With so many pedestrian (and cycling) accidents this year, the Anne Arundel County Police have sent out this reminder on how to be safe when sharing the roads with vehicles.
Walking and running is good for your health, and it’s good for the environment too. Almost everyone is a pedestrian at some time. Walking is a part of life and pedestrian safety is an issue that affects everyone. Before you head out on foot for a stroll, power walk, or 10k there are some important safety tips to remember.
Pedestrians—people who travel by foot, wheelchair, stroller, or similar means—are among the most vulnerable users of the road. In the next 24 hours, on average, 445 pedestrians will be treated in an emergency department for traffic-related injuries and 1/3 of pedestrians killed will be legally drunk. In the next 2 hours, on average, one pedestrian will die from injuries in a traffic crash.
As pedestrians, children are at even greater risk of injury or death from traffic crashes due to their small size, inability to judge distances and speeds, and lack of experience with traffic rules. Nearly one in four traffic deaths among children age 14 and under are pedestrian deaths.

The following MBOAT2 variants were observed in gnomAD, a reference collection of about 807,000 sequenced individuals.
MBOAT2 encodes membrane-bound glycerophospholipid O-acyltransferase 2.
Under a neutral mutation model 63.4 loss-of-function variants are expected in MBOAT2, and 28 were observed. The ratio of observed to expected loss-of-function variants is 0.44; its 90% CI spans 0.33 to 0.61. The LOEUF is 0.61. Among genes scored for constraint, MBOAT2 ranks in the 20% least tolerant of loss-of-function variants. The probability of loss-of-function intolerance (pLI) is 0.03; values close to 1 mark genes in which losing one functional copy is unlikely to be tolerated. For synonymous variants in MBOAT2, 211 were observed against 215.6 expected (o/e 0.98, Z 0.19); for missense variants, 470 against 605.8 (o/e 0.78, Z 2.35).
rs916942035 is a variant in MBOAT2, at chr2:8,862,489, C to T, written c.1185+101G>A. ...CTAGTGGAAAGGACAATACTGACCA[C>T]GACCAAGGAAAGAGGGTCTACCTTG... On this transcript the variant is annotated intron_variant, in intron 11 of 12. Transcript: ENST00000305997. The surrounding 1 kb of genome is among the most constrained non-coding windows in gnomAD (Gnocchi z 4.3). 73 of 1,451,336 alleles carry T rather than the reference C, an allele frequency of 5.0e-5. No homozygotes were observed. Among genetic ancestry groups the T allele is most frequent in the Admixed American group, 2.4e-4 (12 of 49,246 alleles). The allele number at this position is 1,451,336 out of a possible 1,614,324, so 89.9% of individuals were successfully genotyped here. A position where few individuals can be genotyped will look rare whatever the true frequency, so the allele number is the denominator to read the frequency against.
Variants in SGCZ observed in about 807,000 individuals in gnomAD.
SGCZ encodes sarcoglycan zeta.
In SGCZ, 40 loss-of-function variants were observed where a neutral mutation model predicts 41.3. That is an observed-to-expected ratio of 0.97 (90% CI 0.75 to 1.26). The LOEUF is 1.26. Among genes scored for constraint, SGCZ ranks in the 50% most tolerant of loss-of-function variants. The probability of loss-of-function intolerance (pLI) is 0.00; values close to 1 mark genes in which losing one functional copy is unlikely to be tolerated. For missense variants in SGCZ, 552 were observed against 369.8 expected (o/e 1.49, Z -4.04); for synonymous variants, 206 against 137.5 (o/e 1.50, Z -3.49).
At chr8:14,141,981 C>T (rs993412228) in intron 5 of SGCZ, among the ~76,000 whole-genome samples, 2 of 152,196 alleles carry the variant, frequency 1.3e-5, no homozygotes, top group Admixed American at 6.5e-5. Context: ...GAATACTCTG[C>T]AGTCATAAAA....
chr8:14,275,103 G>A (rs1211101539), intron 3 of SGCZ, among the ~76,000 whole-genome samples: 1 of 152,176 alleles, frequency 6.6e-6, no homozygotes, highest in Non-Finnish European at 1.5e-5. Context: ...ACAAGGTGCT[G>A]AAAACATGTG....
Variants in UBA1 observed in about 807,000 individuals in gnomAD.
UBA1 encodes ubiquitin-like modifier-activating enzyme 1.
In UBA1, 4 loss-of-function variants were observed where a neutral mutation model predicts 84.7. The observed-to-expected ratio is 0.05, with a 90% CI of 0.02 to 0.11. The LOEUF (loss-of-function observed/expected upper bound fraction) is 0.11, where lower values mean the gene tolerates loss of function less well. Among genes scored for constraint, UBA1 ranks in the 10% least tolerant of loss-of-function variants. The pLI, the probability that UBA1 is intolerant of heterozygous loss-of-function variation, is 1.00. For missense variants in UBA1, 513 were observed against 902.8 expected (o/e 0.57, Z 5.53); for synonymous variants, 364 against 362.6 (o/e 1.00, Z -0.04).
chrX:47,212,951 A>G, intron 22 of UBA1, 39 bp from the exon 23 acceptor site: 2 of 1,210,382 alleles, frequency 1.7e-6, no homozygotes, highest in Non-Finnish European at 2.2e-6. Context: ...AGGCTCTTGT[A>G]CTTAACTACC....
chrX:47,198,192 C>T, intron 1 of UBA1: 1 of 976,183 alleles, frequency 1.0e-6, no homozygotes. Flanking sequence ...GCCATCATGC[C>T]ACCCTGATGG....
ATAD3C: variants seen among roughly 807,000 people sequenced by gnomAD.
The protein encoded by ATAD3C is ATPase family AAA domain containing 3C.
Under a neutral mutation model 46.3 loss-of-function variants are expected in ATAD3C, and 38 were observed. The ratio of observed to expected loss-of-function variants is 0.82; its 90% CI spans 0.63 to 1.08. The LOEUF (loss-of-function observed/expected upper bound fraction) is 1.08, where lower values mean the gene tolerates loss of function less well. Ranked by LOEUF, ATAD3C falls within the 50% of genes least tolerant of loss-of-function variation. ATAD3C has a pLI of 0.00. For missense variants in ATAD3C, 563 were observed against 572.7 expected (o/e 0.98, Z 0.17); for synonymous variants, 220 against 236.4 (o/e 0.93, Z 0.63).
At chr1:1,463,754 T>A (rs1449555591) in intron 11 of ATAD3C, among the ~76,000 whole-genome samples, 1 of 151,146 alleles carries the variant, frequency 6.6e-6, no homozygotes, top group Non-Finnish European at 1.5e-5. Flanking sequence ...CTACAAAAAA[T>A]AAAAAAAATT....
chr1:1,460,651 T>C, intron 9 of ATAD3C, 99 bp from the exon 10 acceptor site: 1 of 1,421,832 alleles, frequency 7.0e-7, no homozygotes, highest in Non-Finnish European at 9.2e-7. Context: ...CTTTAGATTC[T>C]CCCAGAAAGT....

Whenever you’re walking or running, keep these tips in mind:
- Cross the street at a designated crosswalk or intersection if possible;
- Increase your visibility at night with a flashlight and light colored or reflective clothing;
- Use a sidewalk if available otherwise walk/run on the shoulder facing oncoming traffic.
As both drivers and pedestrians, we all play a role in making the roadways safer. Drivers need to remember that pedestrians can be encountered even in places they are not supposed to be. Pedestrians must be cautious because drivers just might not see them. Even if you think you have the right of way, it’s not worth taking the chance to be dead right.